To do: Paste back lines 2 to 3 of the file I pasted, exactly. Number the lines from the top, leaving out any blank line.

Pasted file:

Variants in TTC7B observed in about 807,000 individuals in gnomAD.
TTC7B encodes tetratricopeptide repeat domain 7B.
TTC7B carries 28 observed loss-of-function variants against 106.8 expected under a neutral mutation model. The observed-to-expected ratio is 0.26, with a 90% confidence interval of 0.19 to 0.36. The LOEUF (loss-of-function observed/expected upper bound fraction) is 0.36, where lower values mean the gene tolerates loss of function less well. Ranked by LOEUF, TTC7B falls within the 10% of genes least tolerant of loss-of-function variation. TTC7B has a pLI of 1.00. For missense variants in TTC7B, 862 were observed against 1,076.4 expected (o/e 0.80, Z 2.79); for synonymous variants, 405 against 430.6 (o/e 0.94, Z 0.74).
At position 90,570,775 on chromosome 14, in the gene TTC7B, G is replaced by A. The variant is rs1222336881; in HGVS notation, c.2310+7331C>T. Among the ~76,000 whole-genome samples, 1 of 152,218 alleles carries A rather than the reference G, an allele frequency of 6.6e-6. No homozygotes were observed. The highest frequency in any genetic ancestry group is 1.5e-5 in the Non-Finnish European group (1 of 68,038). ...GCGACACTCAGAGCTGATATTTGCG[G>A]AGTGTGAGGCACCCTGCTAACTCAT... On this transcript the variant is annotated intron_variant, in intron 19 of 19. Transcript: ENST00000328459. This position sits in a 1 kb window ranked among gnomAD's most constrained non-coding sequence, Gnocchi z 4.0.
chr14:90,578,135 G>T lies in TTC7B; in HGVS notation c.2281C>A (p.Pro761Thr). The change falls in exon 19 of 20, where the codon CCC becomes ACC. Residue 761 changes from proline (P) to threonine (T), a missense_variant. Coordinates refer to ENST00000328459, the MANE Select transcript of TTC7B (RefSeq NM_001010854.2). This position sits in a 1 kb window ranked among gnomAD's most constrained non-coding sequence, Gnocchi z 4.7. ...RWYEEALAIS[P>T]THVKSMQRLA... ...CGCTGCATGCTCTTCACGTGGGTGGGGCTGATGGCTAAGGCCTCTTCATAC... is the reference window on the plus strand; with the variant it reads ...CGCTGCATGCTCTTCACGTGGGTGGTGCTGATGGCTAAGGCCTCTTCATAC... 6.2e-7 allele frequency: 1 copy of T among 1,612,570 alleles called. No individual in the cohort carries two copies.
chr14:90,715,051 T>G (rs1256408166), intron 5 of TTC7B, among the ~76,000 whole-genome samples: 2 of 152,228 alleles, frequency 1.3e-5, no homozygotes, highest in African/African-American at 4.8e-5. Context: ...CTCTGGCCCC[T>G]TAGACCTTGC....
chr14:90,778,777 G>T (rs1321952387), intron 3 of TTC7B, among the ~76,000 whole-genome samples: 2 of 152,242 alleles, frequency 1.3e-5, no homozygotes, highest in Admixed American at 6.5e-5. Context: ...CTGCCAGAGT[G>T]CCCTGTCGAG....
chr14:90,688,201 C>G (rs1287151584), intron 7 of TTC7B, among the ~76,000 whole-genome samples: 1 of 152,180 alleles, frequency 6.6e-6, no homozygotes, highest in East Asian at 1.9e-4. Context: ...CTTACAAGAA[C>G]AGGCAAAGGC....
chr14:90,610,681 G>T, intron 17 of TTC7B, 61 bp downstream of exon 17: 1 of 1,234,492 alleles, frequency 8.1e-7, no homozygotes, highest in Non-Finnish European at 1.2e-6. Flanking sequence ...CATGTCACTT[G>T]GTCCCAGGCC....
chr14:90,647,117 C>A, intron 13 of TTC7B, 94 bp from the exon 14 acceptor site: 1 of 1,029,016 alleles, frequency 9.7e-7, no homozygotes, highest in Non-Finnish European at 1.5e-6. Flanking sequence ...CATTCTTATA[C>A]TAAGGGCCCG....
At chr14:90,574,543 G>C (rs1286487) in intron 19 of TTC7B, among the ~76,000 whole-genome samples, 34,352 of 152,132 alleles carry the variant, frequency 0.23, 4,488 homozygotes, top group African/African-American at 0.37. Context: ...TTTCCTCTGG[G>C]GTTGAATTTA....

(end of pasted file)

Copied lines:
TTC7B encodes tetratricopeptide repeat domain 7B.
TTC7B carries 28 observed loss-of-function variants against 106.8 expected under a neutral mutation model. The observed-to-expected ratio is 0.26, with a 90% confidence interval of 0.19 to 0.36. The LOEUF (loss-of-function observed/expected upper bound fraction) is 0.36, where lower values mean the gene tolerates loss of function less well. Ranked by LOEUF, TTC7B falls within the 10% of genes least tolerant of loss-of-function variation. TTC7B has a pLI of 1.00. For missense variants in TTC7B, 862 were observed against 1,076.4 expected (o/e 0.80, Z 2.79); for synonymous variants, 405 against 430.6 (o/e 0.94, Z 0.74).